Photo
houby:

Mushrooms Series by Sasha Vinogradova

houby:

Mushrooms Series by Sasha Vinogradova

Photo
libutron:

Calostoma cinnabarinum, Blood Mountain, Blood Mountain Wilderness, Chattahoochee National Forest, Union County, Georgia, US | ©Alan Cressler
This fungus, called Stalked puffball-in-aspic, is one of the most unusual fungi yo will see. Calostoma cinnabarinum is a gasteroid fungus (Boletales - Sclerodermataceae). 
In this fungus, the fruiting body is spherical, orange or bright red, about 20 mm in diameter, with a gelatinous, transparent and thin outer layer. Apical peristome has a cross-shaped when fruiting is in its mature phase. When mature, the fungi have a cartilaginous-gelatinous rhizomorphic base, which is dimpled.
As with all members of its genus, C. cinnabarinum is generally considered inedible by field guides. A study of the cultural practices of mestizo descendants of the Otomi people in Tenango de Doria, Mexico, reported that immature specimens of C. cinnabarinum were frequently eaten raw in the past, especially by children. Consumption of the species was no longer commonplace. 
[Source]

libutron:

Calostoma cinnabarinum, Blood Mountain, Blood Mountain Wilderness, Chattahoochee National Forest, Union County, Georgia, US | ©Alan Cressler

This fungus, called Stalked puffball-in-aspic, is one of the most unusual fungi yo will see. Calostoma cinnabarinum is a gasteroid fungus (Boletales - Sclerodermataceae). 

In this fungus, the fruiting body is spherical, orange or bright red, about 20 mm in diameter, with a gelatinous, transparent and thin outer layer. Apical peristome has a cross-shaped when fruiting is in its mature phase. When mature, the fungi have a cartilaginous-gelatinous rhizomorphic base, which is dimpled.

As with all members of its genus, C. cinnabarinum is generally considered inedible by field guides. A study of the cultural practices of mestizo descendants of the Otomi people in Tenango de Doria, Mexico, reported that immature specimens of C. cinnabarinum were frequently eaten raw in the past, especially by children. Consumption of the species was no longer commonplace.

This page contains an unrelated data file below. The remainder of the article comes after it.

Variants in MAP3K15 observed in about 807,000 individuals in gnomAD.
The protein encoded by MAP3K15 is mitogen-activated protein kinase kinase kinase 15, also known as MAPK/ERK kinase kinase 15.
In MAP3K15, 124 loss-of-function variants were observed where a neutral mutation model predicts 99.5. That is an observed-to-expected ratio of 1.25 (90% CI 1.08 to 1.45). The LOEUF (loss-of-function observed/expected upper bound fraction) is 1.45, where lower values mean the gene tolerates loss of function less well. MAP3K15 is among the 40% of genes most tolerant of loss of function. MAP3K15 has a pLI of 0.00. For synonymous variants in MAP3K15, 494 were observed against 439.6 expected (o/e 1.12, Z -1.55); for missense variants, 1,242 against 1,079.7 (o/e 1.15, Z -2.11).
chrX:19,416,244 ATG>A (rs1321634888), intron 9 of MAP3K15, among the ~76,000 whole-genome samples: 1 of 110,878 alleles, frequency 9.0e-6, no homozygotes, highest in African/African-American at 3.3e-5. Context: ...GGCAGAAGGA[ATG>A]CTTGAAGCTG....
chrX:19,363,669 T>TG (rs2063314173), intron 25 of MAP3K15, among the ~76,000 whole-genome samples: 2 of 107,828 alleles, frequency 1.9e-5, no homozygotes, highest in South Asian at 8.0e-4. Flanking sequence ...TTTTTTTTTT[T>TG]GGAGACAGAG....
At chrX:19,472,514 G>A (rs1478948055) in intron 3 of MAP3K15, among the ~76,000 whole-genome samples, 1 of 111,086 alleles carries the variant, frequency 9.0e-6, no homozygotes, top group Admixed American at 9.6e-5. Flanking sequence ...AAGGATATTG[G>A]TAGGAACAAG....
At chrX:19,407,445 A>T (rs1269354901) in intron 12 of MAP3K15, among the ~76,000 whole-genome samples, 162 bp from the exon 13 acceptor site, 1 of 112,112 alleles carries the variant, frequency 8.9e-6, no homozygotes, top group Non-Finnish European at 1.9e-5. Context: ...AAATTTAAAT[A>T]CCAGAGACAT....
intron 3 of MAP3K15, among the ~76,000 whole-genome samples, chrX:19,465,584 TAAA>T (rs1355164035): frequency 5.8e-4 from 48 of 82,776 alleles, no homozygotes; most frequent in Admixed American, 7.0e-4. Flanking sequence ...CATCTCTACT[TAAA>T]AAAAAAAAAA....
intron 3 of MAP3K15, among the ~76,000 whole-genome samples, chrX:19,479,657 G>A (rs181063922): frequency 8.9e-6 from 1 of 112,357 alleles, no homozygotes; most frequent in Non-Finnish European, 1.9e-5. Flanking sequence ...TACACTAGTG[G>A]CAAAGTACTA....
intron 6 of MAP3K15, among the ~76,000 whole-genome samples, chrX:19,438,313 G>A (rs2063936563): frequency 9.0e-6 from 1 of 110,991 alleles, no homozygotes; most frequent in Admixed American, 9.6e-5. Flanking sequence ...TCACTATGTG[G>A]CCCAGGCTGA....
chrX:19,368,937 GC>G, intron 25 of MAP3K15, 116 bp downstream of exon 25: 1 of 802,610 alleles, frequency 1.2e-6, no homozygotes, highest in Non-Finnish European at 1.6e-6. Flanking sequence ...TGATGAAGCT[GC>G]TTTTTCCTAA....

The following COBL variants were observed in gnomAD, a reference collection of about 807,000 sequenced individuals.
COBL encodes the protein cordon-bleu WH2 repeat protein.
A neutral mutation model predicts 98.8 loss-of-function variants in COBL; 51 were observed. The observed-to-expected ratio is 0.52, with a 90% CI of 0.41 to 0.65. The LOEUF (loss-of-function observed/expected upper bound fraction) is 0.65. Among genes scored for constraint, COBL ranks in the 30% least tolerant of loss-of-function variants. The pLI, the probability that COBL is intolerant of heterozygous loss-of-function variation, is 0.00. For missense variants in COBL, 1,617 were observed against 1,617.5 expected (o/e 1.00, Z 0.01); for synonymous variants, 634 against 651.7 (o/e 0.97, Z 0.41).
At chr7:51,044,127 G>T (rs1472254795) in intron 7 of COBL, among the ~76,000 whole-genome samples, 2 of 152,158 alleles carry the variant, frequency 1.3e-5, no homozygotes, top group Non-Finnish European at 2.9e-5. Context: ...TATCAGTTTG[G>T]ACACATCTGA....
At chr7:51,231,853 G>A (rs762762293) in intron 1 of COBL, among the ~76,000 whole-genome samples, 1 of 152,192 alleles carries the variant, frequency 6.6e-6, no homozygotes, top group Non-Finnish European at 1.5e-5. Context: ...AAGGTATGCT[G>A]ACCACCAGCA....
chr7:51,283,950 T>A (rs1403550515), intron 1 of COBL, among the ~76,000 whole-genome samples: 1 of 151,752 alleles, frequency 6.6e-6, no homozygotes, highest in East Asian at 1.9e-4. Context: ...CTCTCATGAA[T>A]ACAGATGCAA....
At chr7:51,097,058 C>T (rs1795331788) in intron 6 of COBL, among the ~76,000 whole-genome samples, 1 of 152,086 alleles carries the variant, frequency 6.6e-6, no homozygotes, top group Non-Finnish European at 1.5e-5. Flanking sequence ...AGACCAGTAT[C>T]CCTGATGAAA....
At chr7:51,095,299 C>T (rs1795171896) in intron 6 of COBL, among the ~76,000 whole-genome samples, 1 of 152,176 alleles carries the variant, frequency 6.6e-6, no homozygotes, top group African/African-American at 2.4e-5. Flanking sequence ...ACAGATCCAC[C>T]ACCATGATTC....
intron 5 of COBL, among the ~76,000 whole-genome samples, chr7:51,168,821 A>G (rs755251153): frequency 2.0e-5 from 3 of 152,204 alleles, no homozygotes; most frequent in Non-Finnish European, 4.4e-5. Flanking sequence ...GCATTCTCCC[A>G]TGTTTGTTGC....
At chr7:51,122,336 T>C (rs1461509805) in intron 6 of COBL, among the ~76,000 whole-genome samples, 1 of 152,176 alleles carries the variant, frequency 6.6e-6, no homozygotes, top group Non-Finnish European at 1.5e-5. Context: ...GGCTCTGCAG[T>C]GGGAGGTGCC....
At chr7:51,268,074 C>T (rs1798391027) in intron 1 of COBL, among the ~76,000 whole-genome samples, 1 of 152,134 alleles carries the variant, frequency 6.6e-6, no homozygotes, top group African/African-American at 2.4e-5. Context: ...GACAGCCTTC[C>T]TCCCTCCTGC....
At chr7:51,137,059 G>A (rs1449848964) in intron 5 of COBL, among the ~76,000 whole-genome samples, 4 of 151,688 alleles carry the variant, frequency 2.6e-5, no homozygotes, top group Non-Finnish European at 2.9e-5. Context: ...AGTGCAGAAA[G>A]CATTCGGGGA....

[Source]

(mycologyから)

Photo
sheishine:

Specimens from Regnum Fungi.
New felt sculptures for a show, Supahcute Science Fair “Art + Science = Magic,” curated by Hana Kim (Supahcute), at Leanna Lin’s Wonderland in Los Angeles, which will open on March 8th, and run through April 27th. 

sheishine:

Specimens from Regnum Fungi.

New felt sculptures for a show, Supahcute Science Fair “Art + Science = Magic,” curated by Hana Kim (Supahcute), at Leanna Lin’s Wonderland in Los Angeles, which will open on March 8th, and run through April 27th. 

Photo
libutron:

Podoserpula pusio | ©James Winder & Michael Pilkington
Commonly known as Pagoda fungus due to the growth shape of the fruiting body, Podoserpula pusio is an uncommon, beautiful little wood-rotting fungus, native to Western Australia.
Fungi - Basidiomycota - Agaricomycetes - Amylocorticiales - Amylocorticiaceae - Podoserpula - P. pusio

libutron:

Podoserpula pusio | ©James Winder & Michael Pilkington

Commonly known as Pagoda fungus due to the growth shape of the fruiting body, Podoserpula pusio is an uncommon, beautiful little wood-rotting fungus, native to Western Australia.

Fungi - Basidiomycota - Agaricomycetes - Amylocorticiales - Amylocorticiaceae - Podoserpula - P. pusio

(mycologyから)

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libutron:

Arthropods are Attracted to Luminous Fungi
Luminescence in some fungi may be present in mycelia or in both mycelia and fruiting bodies. Lights have been described as blue, white, or green depending on the species, and emission intensities vary considerably.
In the forests of Borneo, Mycena (= Poromycena) manipularis are visible at ca. 40 meters, and an Australian species pours forth its emerald green light with sufficient intensity to read. Some North American forms tend to be dimmer. The eye often requires several minutes of dark adaptation before their glows become visible.